The prohibition against the reception of a document which is not properly stamped is contained in Sections 4 and 6, Court-fees Act. The result of this prohibition is that unless a plaint or a memorandum of appeal is properly stamped, no Court can proceed to dispose of the case on merits. To enable the Court to consider the appeal on merits the memorandum of appeal must be a document which is properly stamped. It follows, therefore, that the question whether a memorandum of appeal is properly stamped or not must be decided first before the appellant can claim a hearing on merits.
Apart from this, the levy of court-fee is a sort of tax, which the State requires a litigant to pay before his cause can be heard and decided. If the contention of the appellants is accepted, then it would amount to giving a decision on merits without payment of proper court-fee.
We might usefully refer to Clause (3) of Section 6 of the Court-fees Act, which runs thus:
'If a question of deficiency in court-fees in respect of any plaint or memorandum of appeal is raised by an officer mentioned in Section 24-A the Court shall, before proceeding further with the suit or appeal, record a finding whether the court-fee paid is sufficient or not. If the courtfinds that the court-fee paid is insufficient, it shall call upon the plaintiff or the appellant, as the case may be, to make good the deficiency within such time as it may fix, and in case of default shall reject the plaint or memorandum of appeal.'
This clause was inserted with a view to make it clear that it was the bounden duty of Courts to decide all questions of court-fee as a preliminary question before entering into the merits of the case. The question of court-fee therefore, has to be decided on the basis of facts, as they stand at the time when the memorandum of appeal is filed in the Court. The decision of the two Courts below that the plaintiffs were never in joint possession must be accepted as correct for levying the proper court-fee, and in view of the finding of the Courts below it cannot be doubted that the case is covered by the second part of Sub-section (vi-A) of Section 7. The report relating to deficiency is correct, and the deficiency must be made good first before the memorandum of appeal can be admitted.
19. We, therefore, accept the report of the Stamp Reporter and direct the appellants to pay the deficiency in court-fee of Rs. 414-6-0 within three months from to-day. If the deficiency is not made good within the time allowed, the memorandum of appeal shall stand rejected.
V. Bhargava, J.
20. I have had the benefit of reading the judgment of my brother Hari Shankar J., and I entirely agree with him but I would like to add a few comments on the question of applying the general rule that the courts must base their decision as to the court-fee payable on the allegations and prayers in the plaint.
It is obvious that this general rule can only be applied in cases where the language of the Court-fees Act does not expressly or impliedly require that, besides the allegations and prayers in the plaint, the court-fee should be determined on other considerations also. Section 7(vi-A), Court-fees Act, which prescribes the court-fee in suits for partition, has two parts:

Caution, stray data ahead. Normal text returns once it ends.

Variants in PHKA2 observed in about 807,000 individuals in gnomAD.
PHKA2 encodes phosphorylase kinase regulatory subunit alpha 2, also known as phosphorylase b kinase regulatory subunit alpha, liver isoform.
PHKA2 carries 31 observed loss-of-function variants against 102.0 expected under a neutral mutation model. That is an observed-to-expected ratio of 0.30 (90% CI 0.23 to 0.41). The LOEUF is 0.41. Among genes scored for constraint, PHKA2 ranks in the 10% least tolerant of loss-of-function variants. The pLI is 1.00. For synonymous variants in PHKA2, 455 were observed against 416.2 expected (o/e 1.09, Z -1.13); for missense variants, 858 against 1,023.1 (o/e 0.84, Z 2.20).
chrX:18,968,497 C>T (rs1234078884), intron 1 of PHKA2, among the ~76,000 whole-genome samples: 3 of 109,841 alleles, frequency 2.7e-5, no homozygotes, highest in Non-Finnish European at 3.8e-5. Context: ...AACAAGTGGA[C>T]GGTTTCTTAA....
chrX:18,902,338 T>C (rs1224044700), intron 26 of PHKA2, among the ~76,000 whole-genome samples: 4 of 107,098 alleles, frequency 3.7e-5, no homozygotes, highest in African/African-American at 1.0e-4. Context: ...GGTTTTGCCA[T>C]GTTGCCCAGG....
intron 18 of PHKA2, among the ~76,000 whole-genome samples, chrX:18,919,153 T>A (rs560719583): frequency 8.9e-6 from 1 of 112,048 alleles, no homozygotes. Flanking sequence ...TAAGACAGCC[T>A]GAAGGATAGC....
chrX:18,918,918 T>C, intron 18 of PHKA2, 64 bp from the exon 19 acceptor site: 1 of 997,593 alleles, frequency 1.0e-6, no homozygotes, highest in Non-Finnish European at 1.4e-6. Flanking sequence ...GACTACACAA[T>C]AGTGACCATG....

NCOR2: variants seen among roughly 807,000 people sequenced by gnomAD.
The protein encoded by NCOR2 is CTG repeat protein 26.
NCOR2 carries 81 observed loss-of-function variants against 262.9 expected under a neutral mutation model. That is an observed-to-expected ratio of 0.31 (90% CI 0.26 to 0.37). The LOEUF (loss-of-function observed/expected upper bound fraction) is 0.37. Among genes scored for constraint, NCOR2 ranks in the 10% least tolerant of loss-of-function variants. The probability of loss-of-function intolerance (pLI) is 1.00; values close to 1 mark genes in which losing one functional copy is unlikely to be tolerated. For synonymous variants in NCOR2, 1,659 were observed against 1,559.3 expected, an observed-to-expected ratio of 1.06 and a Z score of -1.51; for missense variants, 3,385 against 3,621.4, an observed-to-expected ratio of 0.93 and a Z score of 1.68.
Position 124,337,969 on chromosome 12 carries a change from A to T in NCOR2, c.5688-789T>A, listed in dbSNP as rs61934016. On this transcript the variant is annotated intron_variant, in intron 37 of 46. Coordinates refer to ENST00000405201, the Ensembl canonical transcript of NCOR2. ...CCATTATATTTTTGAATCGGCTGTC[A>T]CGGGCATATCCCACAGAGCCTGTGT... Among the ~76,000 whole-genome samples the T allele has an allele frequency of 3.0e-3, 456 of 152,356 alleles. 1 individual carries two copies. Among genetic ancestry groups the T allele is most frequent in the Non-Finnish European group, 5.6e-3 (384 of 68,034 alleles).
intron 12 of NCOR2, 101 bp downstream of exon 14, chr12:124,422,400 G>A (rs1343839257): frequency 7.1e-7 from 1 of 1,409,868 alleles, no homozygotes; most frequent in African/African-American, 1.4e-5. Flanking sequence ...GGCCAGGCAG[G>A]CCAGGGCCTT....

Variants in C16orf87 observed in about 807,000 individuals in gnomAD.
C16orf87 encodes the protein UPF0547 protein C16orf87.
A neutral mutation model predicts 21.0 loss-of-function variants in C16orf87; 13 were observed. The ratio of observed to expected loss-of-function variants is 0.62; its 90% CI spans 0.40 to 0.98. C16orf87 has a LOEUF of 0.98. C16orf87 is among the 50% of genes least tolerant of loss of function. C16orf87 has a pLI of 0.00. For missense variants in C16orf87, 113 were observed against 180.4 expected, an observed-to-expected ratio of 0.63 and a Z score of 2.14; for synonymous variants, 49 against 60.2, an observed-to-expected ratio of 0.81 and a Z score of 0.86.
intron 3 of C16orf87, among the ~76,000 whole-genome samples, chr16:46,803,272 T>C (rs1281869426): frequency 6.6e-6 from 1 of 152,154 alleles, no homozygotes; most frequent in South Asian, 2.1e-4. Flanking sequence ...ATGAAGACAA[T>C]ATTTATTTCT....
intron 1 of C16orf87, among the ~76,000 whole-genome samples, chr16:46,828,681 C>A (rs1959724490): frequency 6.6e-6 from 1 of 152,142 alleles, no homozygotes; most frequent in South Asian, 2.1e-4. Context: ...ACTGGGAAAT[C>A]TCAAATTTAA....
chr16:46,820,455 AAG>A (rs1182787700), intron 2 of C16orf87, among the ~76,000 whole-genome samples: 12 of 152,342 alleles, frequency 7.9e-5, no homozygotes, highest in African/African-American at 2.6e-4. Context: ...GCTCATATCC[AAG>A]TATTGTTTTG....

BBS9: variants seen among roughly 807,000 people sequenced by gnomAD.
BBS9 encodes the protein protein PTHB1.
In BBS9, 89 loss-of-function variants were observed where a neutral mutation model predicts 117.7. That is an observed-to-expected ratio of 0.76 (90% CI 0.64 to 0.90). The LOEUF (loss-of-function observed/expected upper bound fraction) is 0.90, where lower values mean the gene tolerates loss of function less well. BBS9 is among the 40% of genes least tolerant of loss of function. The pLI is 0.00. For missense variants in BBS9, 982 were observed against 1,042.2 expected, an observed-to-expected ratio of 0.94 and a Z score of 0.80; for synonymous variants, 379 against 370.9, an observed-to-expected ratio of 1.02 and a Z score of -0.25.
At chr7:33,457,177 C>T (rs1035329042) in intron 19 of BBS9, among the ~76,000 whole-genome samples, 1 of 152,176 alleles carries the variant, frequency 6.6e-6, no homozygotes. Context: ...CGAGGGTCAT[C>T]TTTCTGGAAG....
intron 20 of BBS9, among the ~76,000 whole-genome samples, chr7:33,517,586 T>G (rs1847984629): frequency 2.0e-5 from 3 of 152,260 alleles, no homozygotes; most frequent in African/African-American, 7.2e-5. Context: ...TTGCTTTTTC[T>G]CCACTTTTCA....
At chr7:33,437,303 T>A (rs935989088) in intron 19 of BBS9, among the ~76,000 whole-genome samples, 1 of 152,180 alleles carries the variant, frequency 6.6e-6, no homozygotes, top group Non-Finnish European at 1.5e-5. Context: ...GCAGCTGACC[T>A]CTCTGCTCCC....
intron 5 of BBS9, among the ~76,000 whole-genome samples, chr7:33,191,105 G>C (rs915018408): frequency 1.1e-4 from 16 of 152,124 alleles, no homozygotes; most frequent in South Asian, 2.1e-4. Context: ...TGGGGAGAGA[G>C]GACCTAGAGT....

There is the general rule that the court-fee is payable according to one-fourth of the value of the plaintiff's share of property but this is qualified by the second specific rule that the court-fee is payable according to the full value of such share if, on the date of presenting the plaint, the plaintiff is out of possession of the property of which he claims to be co-parcener or co-owner, and his claim to be a co-parcener or co-owner, on such date is denied.
To apply this second alternative, courts have to go into the question whether the plaintiff is or is not out of possession on the date of presenting the plaint and whether his claim to be a coparcener or co-owner on such date is denied. It is obvious that the legislature could not have intended that on these points, the plea taken by the plaintiff must be accepted finally for purposes of working out the valuation to determine the court-fee payable because if that were so, the plaintiff in every case could make this clause ineffective by pleading in the plaint that he is in possession, or, by alleging that his claim to be a co-parcener or co-owner is not denied.
The language used clearly indicates that it is not the plaintiff's assertion on these points which must be accepted. In such cases, therefore, though the court-fee may initially be accepted as correct according to the allegations made by the plaintiff in the plaint, the court is required to revise itsopinion and ask for the requisite court-fee under the second part of that clause on coming to the view that the plaintiff is out of possession of the property and that his claim to be a co-parcener or co-owner is denied. The general rule of ascertaining the valuation, for purposes of court-fee, from the allegations and prayers in the plaint must, therefore, in such cases, be modified and I agree with my brother Hari Shankar, J., about the procedure that the courts should adopt in order to do so.
21. I agree and have nothing to add.